Lists and Adapters in Android

Coming from iOS development, I knew that learning to display large data sets would be crucial to building powerful mobile applications.

Android’s ListView is essentially the iOS equaivalent of UITableView. In iOS, we use the data-source and delegate design patterns to map data, as well as respond, to our table-views.

Lists in Android are not much different; they abide by MVC design, and once you get the pattern down it is a consistent and straight forward process.

Step 1: Extend ListActivity from your Activity

public class DailyForecastActivity extends ListActivity {

Step 2: Add a ListView to the activity (with “list” as its id)

An important detail here is that the id of your ListView must be “list” in order to be used propery with ListActivity:

Step 3: Create our custom ListView item

Right-click on the layout folder within res and select new > layout resource file:

After naming our list item, we can customize it to our liking:

In this example, my list-view item contains a TextView and some ImageViews. We will eventually be able to set these in our Adapter class.

Step 4: Make your Data types parcelable

When working with large sets of data, we often need to pass this data from one activity to another (think prepareForSegue() in iOS). In Android, we accomplish this through wrapping and unwrapping Parcelable data.

A. First, your data classes must extend Parcelable:

B. Furthermore, they must implement the required writeToParcel(Parcel dest, int flags) method. Notice below that it should write each member variable of the class that will need to be unwrapped elsewhere.

C. Additionally, you want to add a private constructor that takes a Parcel object as a parameter, and reads (as opposed to writes, as we did above) each member variable. And the order in which we read each member variable must be the same as it is in writeToParcel(Parcel dest, int flags):

In these examples, my custom data class is named Day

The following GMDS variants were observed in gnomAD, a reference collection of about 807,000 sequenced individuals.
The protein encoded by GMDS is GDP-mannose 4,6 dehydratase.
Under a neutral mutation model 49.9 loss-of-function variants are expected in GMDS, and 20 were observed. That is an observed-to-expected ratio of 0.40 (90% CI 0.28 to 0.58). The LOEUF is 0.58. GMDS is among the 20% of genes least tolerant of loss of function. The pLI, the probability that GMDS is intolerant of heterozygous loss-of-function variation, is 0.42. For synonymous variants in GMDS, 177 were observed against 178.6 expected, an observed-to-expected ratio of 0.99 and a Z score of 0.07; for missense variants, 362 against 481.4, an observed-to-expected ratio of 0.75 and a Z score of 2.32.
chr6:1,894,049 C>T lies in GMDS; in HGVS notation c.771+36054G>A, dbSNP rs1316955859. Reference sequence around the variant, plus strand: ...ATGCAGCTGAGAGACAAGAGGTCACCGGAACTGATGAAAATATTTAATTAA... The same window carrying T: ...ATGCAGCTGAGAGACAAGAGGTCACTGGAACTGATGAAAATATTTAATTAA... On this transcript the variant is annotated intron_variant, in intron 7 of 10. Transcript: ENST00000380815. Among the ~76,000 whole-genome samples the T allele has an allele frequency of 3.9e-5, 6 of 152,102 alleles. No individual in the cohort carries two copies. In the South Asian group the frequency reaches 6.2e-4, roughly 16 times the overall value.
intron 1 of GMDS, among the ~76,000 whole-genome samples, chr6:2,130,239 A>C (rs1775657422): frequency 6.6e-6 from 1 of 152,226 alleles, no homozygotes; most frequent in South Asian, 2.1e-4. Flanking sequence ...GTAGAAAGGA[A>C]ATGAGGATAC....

D. Now we just need to a Creator constant, which essentially becomes the constructor, which generates instances of our Parcelable class from a Parcel:

In these examples, my custom data class is named Day.

Through making our data types parcelable, we are allowing their data to be wrapped up, shipped out, and ultimately unwrapped by other files.

E. Here’s how it will look when we unwrap the data in our ListView activity:

Important to note is the conversion from Parcelable array to the certain array type we actually need (in this case an array of Day objects). Arrays.copyOf() makes this conversion possible.

Step 5: Create a custom Adapter

Adapters act as a bridge between our data and our view (think MVC). In this example we will subclass the most basic of adapter classes for simplicity: BaseAdapter.

In this example, my adapter communicates data about certain days of the week (or, Day objects) to my ListView. So I’ve named it DayAdapter.

A. Our adapter will need two specific pieces of information: a context and its data:

In this example, our data is the array of Day objects.

We’ll then need to override two important methods based on the data we are using:

B. The next component our Adapter class needs is a ViewHolder.

The ViewHolder design-pattern is considered best-practice, as it allows for efficient reuse of our views, eliminating the need to call findViewById() for each item in our list-view.

We can create the ViewHolder directly within our Adapter class

Now, in the getView(int position, View convertView, ViewGroup parent) is where the magic happens, and we set each item in our list-view to display the appropriate data:

Recap: Working with large data sets and efficiently setting views with this data can seem overwhelming at first. However, once you break down the process and understand the different parts at work (ListView, Adapter and ViewHolder, and Parcelable data types) you have all you need to create powerful Android applications.

If you’d like to reference a basic example, here is the code from a simple project I made to demonstrate ListViews and Adapters.

Note: ListView is not the only option for displaying large sets of data! RecyclerView, for example, is a new alternative that offers many advantages when displaying collections of data. I will tackle RecyclerView in a future post so be on the lookout.